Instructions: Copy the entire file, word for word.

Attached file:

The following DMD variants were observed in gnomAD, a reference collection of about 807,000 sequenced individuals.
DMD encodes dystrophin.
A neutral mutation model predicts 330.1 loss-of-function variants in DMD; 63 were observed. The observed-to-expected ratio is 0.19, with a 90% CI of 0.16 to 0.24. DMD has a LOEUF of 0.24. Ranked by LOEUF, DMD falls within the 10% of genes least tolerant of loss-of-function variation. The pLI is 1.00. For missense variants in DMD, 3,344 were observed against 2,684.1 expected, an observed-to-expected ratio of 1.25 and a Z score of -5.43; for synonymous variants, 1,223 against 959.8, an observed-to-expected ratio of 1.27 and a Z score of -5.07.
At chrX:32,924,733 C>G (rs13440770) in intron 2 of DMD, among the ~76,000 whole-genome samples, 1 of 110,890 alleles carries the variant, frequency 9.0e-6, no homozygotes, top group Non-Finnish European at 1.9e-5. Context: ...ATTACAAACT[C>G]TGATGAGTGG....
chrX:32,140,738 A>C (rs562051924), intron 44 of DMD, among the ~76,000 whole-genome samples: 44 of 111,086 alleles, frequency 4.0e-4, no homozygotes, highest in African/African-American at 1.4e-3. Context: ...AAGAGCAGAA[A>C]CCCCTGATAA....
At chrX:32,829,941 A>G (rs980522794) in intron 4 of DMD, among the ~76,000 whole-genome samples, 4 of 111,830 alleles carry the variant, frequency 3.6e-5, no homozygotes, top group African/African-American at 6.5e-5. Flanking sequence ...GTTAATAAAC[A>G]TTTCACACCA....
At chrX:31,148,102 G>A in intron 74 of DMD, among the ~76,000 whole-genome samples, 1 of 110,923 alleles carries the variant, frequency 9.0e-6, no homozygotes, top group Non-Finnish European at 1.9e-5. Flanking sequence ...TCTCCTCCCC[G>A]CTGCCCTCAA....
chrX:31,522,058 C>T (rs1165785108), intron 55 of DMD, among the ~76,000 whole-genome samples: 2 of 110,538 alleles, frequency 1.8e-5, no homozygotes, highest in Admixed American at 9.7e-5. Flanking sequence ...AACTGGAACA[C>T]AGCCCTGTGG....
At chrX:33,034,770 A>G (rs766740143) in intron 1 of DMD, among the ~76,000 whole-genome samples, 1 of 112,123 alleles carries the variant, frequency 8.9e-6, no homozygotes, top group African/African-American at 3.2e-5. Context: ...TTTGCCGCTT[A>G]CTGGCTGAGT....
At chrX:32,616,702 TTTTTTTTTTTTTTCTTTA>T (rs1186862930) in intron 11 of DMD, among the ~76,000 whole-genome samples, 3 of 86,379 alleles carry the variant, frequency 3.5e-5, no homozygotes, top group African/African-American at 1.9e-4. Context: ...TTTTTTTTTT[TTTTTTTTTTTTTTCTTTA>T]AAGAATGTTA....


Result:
The following DMD variants were observed in gnomAD, a reference collection of about 807,000 sequenced individuals.
DMD encodes dystrophin.
A neutral mutation model predicts 330.1 loss-of-function variants in DMD; 63 were observed. The observed-to-expected ratio is 0.19, with a 90% CI of 0.16 to 0.24. DMD has a LOEUF of 0.24. Ranked by LOEUF, DMD falls within the 10% of genes least tolerant of loss-of-function variation. The pLI is 1.00. For missense variants in DMD, 3,344 were observed against 2,684.1 expected, an observed-to-expected ratio of 1.25 and a Z score of -5.43; for synonymous variants, 1,223 against 959.8, an observed-to-expected ratio of 1.27 and a Z score of -5.07.
At chrX:32,924,733 C>G (rs13440770) in intron 2 of DMD, among the ~76,000 whole-genome samples, 1 of 110,890 alleles carries the variant, frequency 9.0e-6, no homozygotes, top group Non-Finnish European at 1.9e-5. Context: ...ATTACAAACT[C>G]TGATGAGTGG....
chrX:32,140,738 A>C (rs562051924), intron 44 of DMD, among the ~76,000 whole-genome samples: 44 of 111,086 alleles, frequency 4.0e-4, no homozygotes, highest in African/African-American at 1.4e-3. Context: ...AAGAGCAGAA[A>C]CCCCTGATAA....
At chrX:32,829,941 A>G (rs980522794) in intron 4 of DMD, among the ~76,000 whole-genome samples, 4 of 111,830 alleles carry the variant, frequency 3.6e-5, no homozygotes, top group African/African-American at 6.5e-5. Flanking sequence ...GTTAATAAAC[A>G]TTTCACACCA....
At chrX:31,148,102 G>A in intron 74 of DMD, among the ~76,000 whole-genome samples, 1 of 110,923 alleles carries the variant, frequency 9.0e-6, no homozygotes, top group Non-Finnish European at 1.9e-5. Flanking sequence ...TCTCCTCCCC[G>A]CTGCCCTCAA....
chrX:31,522,058 C>T (rs1165785108), intron 55 of DMD, among the ~76,000 whole-genome samples: 2 of 110,538 alleles, frequency 1.8e-5, no homozygotes, highest in Admixed American at 9.7e-5. Flanking sequence ...AACTGGAACA[C>T]AGCCCTGTGG....
At chrX:33,034,770 A>G (rs766740143) in intron 1 of DMD, among the ~76,000 whole-genome samples, 1 of 112,123 alleles carries the variant, frequency 8.9e-6, no homozygotes, top group African/African-American at 3.2e-5. Context: ...TTTGCCGCTT[A>G]CTGGCTGAGT....
At chrX:32,616,702 TTTTTTTTTTTTTTCTTTA>T (rs1186862930) in intron 11 of DMD, among the ~76,000 whole-genome samples, 3 of 86,379 alleles carry the variant, frequency 3.5e-5, no homozygotes, top group African/African-American at 1.9e-4. Context: ...TTTTTTTTTT[TTTTTTTTTTTTTTCTTTA>T]AAGAATGTTA....